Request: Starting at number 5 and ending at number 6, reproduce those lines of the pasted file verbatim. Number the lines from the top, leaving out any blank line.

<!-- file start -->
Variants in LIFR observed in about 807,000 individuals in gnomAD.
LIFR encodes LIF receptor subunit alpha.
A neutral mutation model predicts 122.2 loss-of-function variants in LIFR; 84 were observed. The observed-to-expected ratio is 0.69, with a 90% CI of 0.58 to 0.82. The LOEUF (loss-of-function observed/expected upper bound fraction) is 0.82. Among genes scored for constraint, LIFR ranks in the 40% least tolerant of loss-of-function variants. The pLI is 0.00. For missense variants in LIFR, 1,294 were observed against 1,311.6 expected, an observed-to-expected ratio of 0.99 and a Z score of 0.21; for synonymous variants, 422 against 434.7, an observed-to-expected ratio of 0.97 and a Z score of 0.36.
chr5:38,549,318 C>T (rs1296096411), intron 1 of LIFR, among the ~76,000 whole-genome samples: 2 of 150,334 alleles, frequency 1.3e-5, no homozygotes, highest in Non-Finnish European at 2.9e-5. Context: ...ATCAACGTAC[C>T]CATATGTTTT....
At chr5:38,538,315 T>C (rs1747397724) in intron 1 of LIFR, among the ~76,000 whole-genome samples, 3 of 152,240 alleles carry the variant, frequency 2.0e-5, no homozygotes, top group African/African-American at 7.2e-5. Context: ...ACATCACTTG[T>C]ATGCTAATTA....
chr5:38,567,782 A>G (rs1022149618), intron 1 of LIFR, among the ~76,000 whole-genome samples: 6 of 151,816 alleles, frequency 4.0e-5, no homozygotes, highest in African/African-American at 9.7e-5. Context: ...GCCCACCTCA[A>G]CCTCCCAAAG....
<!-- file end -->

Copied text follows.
At chr5:38,538,315 T>C (rs1747397724) in intron 1 of LIFR, among the ~76,000 whole-genome samples, 3 of 152,240 alleles carry the variant, frequency 2.0e-5, no homozygotes, top group African/African-American at 7.2e-5. Context: ...ACATCACTTG[T>C]ATGCTAATTA....
chr5:38,567,782 A>G (rs1022149618), intron 1 of LIFR, among the ~76,000 whole-genome samples: 6 of 151,816 alleles, frequency 4.0e-5, no homozygotes, highest in African/African-American at 9.7e-5. Context: ...GCCCACCTCA[A>G]CCTCCCAAAG....